There are a couple of ways to present two different pictures to the brain, one seen by the left eye and the other by the right eye. I will describe the anaglyph method, that is caracterised by the red-and-blue glasses that you need to evoke the illusion.

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I bought a pair of anaglyph speculars for $9, - at www.rainbowsymphony.com. Mine fit over my pair of ordinary glasses but they also sell simple cardboard versions. By the way, they sell a plethora of stereo solutions. They even have a section where you can get your speculars for free. Worth checking out.

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Click to enlarge

In an anaglyph, the parallax information that reaches the brain is devided by color filtering. As red pixels or red print on a white background will pass through a red lens unharmed, they will show up just as white as the background and be virtually undisguisable from it.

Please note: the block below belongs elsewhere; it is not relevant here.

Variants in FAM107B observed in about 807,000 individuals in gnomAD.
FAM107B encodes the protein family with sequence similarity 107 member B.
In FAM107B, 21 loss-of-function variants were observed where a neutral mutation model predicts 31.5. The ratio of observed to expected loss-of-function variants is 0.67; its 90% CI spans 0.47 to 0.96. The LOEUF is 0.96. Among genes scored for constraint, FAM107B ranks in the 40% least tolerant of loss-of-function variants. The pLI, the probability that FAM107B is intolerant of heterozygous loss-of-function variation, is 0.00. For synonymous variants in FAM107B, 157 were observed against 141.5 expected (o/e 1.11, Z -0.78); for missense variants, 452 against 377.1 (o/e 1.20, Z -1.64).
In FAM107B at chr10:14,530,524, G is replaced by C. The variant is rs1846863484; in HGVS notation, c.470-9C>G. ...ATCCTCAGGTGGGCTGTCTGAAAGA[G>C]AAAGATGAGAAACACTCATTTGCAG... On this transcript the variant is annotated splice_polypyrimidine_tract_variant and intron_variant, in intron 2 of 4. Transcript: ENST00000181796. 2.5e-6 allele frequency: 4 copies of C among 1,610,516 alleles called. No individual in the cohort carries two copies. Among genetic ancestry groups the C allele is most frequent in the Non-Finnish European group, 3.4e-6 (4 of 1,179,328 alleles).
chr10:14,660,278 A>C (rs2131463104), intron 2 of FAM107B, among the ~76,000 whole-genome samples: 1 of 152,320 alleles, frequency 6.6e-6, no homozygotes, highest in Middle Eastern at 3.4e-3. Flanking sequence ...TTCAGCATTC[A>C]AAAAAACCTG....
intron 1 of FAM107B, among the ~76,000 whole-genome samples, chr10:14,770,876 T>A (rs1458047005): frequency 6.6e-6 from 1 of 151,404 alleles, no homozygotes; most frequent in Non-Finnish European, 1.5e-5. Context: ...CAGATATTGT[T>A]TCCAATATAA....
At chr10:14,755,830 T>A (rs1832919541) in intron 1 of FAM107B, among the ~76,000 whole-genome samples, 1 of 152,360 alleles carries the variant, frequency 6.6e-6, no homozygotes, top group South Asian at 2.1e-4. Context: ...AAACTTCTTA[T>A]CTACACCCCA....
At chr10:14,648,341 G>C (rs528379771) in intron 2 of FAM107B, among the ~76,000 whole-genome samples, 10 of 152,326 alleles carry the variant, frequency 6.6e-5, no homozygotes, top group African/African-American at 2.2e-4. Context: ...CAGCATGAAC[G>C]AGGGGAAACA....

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The cyan picture is blocked by the red lens and will show up as black. So the right eye can only capture the cyan information in the image wheraes the left eye only sees the red information. Placed transparantly on top of each other you can feed your eyes with the information they need.

Stereo photography

Once stereo imaging caught me, I made some efforts getting it right. Since I don't have a special stereo camera, which would be a chemical one whereas

I have switched to the digital world and learned my part about megapixels and image chips, I decided to make a camera rail onto which I could mount my camera.